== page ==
Newsweek and the Washington Post are celebrating the first anniversary of their joint website, “On Faith,” which is billed as “A Conversation on Religion with Jon Meacham and Sally Quinn.” And therein hangs a tale.
Meacham is the managing editor of Newsweek and perhaps the only serious student of religion among the top editors in the mainstream media. Quinn is another story. She became famous first for a disastrous stint as the co-host of a morning news show in the 1970s and then as the star snark writer of profiles during the heyday of the Washington Post’s Style section in the late 1970s and early 1980s. After that she wrote several trashy bestsellers about D.C. life.
I tell you all this because Sally Quinn has written a post on the website on the occasion of its first anniversary that is one of the most dumbfounding documents I have ever read. It is like Augustine’s Confessions, if Augustine’s Confessions had been written by a combination of Helen Gurley Brown and Britney Spears.
You really have to read the whole thing to get the full flavor, but I will here provide you with some choice excerpts:
When we started this I knew practically nothing about religion or the internet. I was not a believer (Jon Meacham is an Episcopalian, a practicing Christian) so I felt secure that I had his experience and knowledge to give us the grounding we needed. Even so it was such an unlikely subject for me to get involved with that even my husband was in shock. My friends still report people sidling up to them at cocktail parties and saying, “What’s with Sally and this religion thing?”
When you really think about it though, it’s not all that surprising. I’m a journalist. I always want to know everything about everything. Curiosity is a driving force with me. In fact I remember when I was eleven, meeting this really cute guy whose mother brought him over to our house one day. I began asking him questions about himself and he finally turned to me and said, “Gee, you’re nosy. ”I was devastated. I had been genuinely interested and wanted to know more about him….
Ultimately each of us is searching for some kind of meaning. Whether we are Christians or Jews or Hindus or Muslims or Buddhists or Wiccans or Atheists or whatever, we are all looking for a way to understand why we are here and to find our own happiness and contentment.
When I announced to Jon several years ago that I was an atheist he challenged me. He said I should not define myself negatively, for one thing, and that if I was really serious about not believing in God that I should at least have some knowledge about what it was I didn’t believe in. At that point I was completely illiterate on the subject, having been disdainful and contemptuous of religion all of my life. But I took what he said to heart and began to read some of the books he suggested. Once again my curiosity got the best of me.
All I can say is that I was shocked and embarrassed at how little I knew, and ultimately ashamed of myself for proclaiming myself an atheist when I really didn’t know what I was talking about.
I also began to realize that so many people in this world who call themselves religious were just like me. They not only knew nothing or little about their own faith but were just as close minded and hostile to other religions as I was to all religion.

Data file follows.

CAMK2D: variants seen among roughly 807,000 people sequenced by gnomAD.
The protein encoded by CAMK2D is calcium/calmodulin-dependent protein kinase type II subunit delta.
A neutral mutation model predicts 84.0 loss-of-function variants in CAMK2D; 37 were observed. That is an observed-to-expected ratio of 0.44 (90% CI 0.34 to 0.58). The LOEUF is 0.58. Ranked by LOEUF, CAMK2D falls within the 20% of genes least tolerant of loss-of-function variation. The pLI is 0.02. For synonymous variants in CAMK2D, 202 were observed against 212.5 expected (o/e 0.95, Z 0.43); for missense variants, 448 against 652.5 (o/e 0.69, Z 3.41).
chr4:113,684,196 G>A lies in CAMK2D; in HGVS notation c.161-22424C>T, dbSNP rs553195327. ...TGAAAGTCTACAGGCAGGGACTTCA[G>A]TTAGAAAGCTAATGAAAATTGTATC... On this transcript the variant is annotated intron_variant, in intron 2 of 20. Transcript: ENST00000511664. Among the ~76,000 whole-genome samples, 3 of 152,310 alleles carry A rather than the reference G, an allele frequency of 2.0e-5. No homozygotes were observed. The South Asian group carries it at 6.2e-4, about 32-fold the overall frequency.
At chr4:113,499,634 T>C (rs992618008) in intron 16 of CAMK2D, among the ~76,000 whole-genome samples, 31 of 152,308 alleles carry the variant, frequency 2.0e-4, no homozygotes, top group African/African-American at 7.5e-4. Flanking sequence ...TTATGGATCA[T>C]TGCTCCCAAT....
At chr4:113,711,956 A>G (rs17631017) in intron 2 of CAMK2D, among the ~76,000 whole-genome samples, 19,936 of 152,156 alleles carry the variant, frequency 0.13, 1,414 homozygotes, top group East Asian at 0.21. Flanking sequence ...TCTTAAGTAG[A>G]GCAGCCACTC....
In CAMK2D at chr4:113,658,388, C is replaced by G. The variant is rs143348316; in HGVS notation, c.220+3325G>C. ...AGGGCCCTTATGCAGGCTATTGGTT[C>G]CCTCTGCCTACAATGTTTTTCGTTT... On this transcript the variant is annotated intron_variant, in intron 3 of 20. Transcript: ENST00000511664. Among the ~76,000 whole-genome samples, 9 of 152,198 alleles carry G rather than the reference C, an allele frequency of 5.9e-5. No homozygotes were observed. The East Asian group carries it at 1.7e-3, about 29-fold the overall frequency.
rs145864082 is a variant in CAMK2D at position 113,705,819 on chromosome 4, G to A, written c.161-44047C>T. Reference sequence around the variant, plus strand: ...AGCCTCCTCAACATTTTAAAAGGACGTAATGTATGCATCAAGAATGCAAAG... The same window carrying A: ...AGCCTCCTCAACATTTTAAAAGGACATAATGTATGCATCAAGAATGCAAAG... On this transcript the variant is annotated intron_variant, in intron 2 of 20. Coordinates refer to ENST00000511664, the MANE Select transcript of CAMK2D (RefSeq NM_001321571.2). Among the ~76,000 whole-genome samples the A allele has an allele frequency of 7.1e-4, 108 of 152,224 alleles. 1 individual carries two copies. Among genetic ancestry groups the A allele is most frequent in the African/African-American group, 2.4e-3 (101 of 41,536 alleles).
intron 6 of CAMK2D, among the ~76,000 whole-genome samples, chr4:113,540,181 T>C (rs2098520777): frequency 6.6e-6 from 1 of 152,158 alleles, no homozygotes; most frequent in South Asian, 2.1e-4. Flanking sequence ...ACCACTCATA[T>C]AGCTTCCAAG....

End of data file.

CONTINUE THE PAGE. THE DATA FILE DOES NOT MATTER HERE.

The more I read the more I wanted to read and the more obsessed I became with the subject.
Finally in March I took a trip around the world to study the Great Faiths. It was a private tour and we started in Rome. From there we went to Jerusalem in Israel and Bethlehem in Palestine, Kyoto, Japan; Chengdu, China; Lhasa, Tibet; Varanasi, New Delhi and Amritsar in India; Addis Ababa, Ethiopia; Cairo, Egypt; Armenia; and Istanbul, Turkey. When I told my friend, “On Faith” panelist and religion scholar Elaine Pagels, about the trip she asked how long I had spent. “Three weeks ‘”I replied. “But,” she said in astonishment, “you can’t do that trip in less than three years!.” She was right, actually….
What for me, was the most enlightening thing about my trip was how similar the basic tenets of all religions are. There are some scholars who might argue that point but I felt that ultimately, if you take away all of the evil that has been done in the name of religion (and that’s what I had concentrated on most of my life) you will find that exhortation by Confucius, “What you do not wish for youself, do not do to others,” is really the basis of most world religions. It is the practices and interpretations of that where the faiths diverge.
The trip bolstered my belief in what Jon and I were doing. I felt even more strongly that it was vitally important for people of all faiths and no faiths to understand each other and that we must do everything we could do to foster that understanding….
This country was founded on the concept of separation of church and state. There is a huge difference between understanding and respecting the faiths of others and trying to impose your faith on others. The more we understand about other faiths, I believe, the less likely we will be to try to coerce others into believing as we do.
That is our goal.
Remember: This is the woman who is the co-editor of a religion website co-managed by one of the nation’s two most important newspapers and one of the nation’s two most important magazines. Neither organization, it’s safe to say, would allow a person as gleefully ignorant and simultaneously archly portentous as Quinn to co-host a site about, oh, sports with the level of knowledge and interest she possessed before taking on “On Faith.” And who, after a year’s thin study, feels herself competent to speak with surpassingly confident banality about the differences and commonalities of the world’s major religions.